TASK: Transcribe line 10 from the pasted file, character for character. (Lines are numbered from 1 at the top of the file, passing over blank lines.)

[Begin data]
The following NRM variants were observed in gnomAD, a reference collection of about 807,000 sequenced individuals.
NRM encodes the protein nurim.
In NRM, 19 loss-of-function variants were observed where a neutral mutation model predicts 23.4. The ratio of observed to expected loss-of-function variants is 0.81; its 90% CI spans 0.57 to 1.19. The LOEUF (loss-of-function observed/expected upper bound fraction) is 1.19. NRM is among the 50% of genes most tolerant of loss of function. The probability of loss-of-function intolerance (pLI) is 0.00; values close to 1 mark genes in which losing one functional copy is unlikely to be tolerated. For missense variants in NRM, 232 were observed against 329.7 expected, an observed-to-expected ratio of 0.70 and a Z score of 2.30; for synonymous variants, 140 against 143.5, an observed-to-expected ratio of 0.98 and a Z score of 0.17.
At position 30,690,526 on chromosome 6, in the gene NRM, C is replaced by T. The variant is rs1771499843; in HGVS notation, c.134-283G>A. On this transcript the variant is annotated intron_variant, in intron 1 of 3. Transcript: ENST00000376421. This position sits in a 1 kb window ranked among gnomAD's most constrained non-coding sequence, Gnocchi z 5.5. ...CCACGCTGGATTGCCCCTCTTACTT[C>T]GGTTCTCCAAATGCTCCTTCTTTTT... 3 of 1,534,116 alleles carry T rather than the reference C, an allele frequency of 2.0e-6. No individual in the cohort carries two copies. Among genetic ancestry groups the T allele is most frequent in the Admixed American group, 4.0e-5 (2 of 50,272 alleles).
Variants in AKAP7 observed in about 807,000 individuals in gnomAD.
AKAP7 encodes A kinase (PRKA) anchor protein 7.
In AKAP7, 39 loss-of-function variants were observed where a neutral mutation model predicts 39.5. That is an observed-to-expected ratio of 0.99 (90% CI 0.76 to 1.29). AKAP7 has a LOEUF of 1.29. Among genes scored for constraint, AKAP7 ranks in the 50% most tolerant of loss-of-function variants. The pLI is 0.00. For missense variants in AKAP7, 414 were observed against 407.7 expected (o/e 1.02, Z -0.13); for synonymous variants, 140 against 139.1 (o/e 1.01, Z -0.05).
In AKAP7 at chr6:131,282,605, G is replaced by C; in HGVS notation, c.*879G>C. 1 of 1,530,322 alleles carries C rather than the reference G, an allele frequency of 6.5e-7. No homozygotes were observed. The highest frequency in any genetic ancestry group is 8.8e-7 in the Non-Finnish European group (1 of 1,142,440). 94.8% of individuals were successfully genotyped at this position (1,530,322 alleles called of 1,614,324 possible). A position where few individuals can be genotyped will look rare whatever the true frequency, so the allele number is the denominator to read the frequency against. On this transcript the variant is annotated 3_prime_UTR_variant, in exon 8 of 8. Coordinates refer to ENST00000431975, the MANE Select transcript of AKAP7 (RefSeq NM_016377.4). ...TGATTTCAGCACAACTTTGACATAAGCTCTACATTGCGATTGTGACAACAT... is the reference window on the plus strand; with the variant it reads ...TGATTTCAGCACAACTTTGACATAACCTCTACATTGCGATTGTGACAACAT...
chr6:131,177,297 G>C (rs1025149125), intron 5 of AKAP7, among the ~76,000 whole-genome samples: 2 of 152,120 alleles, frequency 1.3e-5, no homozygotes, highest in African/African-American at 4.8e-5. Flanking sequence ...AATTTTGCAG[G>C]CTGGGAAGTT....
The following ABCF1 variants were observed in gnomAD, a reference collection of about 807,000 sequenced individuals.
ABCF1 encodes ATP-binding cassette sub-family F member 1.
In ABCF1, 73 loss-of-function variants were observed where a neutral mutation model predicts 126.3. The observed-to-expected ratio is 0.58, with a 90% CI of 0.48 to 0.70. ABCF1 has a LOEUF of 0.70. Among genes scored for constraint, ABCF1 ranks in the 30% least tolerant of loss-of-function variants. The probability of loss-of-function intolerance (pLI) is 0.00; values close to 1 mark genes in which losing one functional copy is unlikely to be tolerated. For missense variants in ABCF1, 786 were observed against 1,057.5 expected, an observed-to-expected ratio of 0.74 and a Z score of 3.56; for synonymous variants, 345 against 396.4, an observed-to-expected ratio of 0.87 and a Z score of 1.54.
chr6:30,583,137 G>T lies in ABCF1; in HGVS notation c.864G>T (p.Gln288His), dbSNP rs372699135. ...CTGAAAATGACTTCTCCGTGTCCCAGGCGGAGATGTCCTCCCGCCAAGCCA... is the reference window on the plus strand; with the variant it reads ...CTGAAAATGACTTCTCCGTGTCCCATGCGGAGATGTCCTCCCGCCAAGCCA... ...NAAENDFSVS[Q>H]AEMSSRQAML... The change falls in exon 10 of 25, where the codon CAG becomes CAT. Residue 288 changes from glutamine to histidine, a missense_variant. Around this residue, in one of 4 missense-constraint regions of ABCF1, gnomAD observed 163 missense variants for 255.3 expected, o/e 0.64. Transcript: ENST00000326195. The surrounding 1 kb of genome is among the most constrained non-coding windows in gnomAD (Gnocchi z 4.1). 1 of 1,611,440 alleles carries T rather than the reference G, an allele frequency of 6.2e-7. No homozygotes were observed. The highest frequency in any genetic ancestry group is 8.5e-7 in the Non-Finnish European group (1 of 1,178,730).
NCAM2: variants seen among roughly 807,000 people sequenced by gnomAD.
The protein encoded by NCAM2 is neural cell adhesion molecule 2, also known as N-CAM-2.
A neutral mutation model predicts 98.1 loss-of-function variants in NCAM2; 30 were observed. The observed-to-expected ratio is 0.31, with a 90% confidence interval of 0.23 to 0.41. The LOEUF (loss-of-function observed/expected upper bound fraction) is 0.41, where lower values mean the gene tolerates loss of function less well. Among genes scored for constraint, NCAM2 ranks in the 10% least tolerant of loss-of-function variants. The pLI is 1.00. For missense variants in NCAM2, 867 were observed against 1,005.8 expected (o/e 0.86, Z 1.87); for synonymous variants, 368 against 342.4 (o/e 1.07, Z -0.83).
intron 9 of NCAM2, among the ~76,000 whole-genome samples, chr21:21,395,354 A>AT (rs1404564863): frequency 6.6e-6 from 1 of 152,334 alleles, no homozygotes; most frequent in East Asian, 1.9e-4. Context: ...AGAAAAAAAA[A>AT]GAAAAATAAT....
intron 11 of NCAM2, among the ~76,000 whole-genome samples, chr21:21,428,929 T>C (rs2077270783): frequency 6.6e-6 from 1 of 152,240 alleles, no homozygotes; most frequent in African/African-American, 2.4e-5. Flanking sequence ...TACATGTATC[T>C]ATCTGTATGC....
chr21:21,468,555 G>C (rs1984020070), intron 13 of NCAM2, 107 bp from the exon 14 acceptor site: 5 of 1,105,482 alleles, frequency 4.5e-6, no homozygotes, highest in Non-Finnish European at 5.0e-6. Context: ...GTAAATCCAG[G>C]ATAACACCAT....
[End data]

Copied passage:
The following ABCF1 variants were observed in gnomAD, a reference collection of about 807,000 sequenced individuals.